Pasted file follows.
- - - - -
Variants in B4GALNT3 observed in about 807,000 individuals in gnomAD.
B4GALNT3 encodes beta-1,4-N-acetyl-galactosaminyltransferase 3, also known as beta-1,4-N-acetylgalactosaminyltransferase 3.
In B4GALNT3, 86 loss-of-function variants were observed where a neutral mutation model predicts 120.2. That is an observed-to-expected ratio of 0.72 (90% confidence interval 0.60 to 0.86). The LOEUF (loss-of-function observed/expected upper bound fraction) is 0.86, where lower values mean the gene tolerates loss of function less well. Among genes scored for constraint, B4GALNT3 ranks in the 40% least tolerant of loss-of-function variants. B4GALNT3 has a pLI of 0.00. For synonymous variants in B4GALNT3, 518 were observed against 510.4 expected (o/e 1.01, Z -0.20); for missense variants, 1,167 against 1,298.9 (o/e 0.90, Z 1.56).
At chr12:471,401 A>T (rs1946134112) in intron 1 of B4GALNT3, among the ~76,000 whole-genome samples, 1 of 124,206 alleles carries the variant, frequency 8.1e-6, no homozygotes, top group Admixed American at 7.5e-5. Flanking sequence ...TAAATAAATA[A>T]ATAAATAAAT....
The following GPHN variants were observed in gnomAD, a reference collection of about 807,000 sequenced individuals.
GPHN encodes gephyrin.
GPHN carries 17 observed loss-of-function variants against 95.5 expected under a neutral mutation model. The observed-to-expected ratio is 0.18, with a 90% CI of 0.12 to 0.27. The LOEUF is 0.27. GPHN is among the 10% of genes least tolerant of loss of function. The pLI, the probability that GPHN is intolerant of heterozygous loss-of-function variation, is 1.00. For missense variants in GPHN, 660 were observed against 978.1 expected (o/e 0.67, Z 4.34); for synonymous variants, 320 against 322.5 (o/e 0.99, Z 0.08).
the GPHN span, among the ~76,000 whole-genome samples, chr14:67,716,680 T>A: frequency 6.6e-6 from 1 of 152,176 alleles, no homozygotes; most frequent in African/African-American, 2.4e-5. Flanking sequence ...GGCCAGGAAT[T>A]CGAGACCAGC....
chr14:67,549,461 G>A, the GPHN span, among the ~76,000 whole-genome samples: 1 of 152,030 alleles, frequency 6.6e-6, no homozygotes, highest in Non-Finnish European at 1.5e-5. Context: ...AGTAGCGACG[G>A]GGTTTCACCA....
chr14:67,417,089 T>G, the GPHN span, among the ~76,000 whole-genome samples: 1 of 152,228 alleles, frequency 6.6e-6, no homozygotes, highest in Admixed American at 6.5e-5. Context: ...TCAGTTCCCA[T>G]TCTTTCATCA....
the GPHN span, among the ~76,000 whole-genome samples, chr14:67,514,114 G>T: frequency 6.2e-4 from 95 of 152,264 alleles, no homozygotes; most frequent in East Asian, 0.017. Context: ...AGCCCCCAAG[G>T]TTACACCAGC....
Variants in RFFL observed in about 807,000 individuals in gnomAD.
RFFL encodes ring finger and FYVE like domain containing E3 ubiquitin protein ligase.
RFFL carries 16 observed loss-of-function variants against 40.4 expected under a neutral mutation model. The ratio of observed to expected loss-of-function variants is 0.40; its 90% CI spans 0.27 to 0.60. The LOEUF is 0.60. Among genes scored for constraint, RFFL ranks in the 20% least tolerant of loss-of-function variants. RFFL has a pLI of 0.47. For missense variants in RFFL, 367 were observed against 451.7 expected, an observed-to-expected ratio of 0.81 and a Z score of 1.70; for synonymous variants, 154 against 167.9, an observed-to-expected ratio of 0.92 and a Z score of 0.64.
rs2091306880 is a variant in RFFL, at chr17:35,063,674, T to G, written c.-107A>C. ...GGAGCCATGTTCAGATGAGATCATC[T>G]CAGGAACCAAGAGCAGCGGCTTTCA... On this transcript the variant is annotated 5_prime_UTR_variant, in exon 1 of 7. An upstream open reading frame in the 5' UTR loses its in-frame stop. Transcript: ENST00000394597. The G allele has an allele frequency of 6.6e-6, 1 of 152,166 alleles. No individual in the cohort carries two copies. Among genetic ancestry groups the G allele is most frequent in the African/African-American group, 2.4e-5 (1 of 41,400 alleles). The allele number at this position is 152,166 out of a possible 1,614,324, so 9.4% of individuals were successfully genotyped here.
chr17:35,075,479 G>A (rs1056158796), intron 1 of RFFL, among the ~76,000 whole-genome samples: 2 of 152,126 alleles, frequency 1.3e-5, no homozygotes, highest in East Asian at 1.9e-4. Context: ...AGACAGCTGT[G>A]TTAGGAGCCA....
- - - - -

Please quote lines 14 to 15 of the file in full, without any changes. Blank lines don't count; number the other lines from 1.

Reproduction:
RFFL carries 16 observed loss-of-function variants against 40.4 expected under a neutral mutation model. The ratio of observed to expected loss-of-function variants is 0.40; its 90% CI spans 0.27 to 0.60. The LOEUF is 0.60. Among genes scored for constraint, RFFL ranks in the 20% least tolerant of loss-of-function variants. RFFL has a pLI of 0.47. For missense variants in RFFL, 367 were observed against 451.7 expected, an observed-to-expected ratio of 0.81 and a Z score of 1.70; for synonymous variants, 154 against 167.9, an observed-to-expected ratio of 0.92 and a Z score of 0.64.
rs2091306880 is a variant in RFFL, at chr17:35,063,674, T to G, written c.-107A>C. ...GGAGCCATGTTCAGATGAGATCATC[T>G]CAGGAACCAAGAGCAGCGGCTTTCA... On this transcript the variant is annotated 5_prime_UTR_variant, in exon 1 of 7. An upstream open reading frame in the 5' UTR loses its in-frame stop. Transcript: ENST00000394597. The G allele has an allele frequency of 6.6e-6, 1 of 152,166 alleles. No individual in the cohort carries two copies. Among genetic ancestry groups the G allele is most frequent in the African/African-American group, 2.4e-5 (1 of 41,400 alleles). The allele number at this position is 152,166 out of a possible 1,614,324, so 9.4% of individuals were successfully genotyped here.